Careers at Nike


Nike’s mission is to bring inspiration and innovation to every athlete in the world.

Business segments

Nike is a producer of athletic footwear, apparel, equipment, accessories, and services. The company operates six reportable segments based on geography: North America, Western Europe, Central & Eastern Europe, Greater China, Japan, and Emerging Markets.


In 1962 Stanford Business School graduate Philip H. Knight was traveling through Japan when he took a liking to the athletic shoes he saw there. He contacted a Japanese shoe manufacturer, Onitsuka Tiger Co., and convinced it to import some of its products to the U.S. He believed that the running shoes could challenge the dominance of German-made counterparts in America. The businessman founded the company Blue Ribbon Sports (BRS) to oversee the distribution of the products.

In 1963 Knight received 200 pairs of Onitsuka’s Tiger athletic shoes. He kept them in his father’s basement and sold them at track meets in the neighborhood. His business became a partnership when his old track and field coach, William Bowerman, invested $500 in the venture. Bowerman had spent much time studying new designs for running shoes. When BRS began designing prototypes, he used his knowledge (along with insights from runners) to make enhancements.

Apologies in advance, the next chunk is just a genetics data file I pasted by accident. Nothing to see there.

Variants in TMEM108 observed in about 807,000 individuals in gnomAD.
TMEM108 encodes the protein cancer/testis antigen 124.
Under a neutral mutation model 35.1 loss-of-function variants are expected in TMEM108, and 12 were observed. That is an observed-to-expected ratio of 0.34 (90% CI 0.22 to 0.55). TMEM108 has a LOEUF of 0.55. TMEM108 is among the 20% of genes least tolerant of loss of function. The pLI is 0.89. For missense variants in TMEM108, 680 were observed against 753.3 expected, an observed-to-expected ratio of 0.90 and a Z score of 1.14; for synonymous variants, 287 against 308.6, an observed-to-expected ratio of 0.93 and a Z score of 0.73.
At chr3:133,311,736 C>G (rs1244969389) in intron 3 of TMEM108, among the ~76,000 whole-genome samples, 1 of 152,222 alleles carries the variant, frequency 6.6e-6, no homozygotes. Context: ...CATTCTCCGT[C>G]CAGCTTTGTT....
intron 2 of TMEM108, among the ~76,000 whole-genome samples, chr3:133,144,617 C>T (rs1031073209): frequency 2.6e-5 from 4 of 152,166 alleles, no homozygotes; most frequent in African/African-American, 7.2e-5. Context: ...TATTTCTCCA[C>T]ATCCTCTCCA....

BRS got off to a strong start, selling 1,300 pairs in 1964, and acquired its first retail space in 1966. Bowerman’s expertise paid off when a shoe he designed called the Cortez became a top seller in 1968. He continued developing innovative products, including a shoe with a nylon upper portion and a shoe that had a cushioned midsole through its entire length. By the end of the decade, Knight’s operation had expanded to 20 employees and many stores, with annual sales approaching $300,000.

In 1971, with financing from a trading firm, BRS began using independent contractors to manufacture a line of products. The company chose a swoosh symbol as its logo and gave it the name Nike, after the Greek goddess of victory. One year later, BRS separated from Onitsuka following a distribution disagreement. With a fresh start, it began marketing the new line at the 1972 Olympic trials as a shoe for serious athletes. It also created a promotional tagline, “There is no finish line.”

The new offering was a major success. In their first year, the products generated $1.96 million in revenues, enabling staff and store expansion to Canada (its first foreign market) and Australia. The next few years saw major milestones. BRS opened its first U.S. plant in New Hampshire. Its shoes were worn by numerous athletic stars at the 1976 Olympic trials. In 1978, it added a childrens’ line, and officially changed its name to Nike. The firm’s success enabled it to go public in 1980.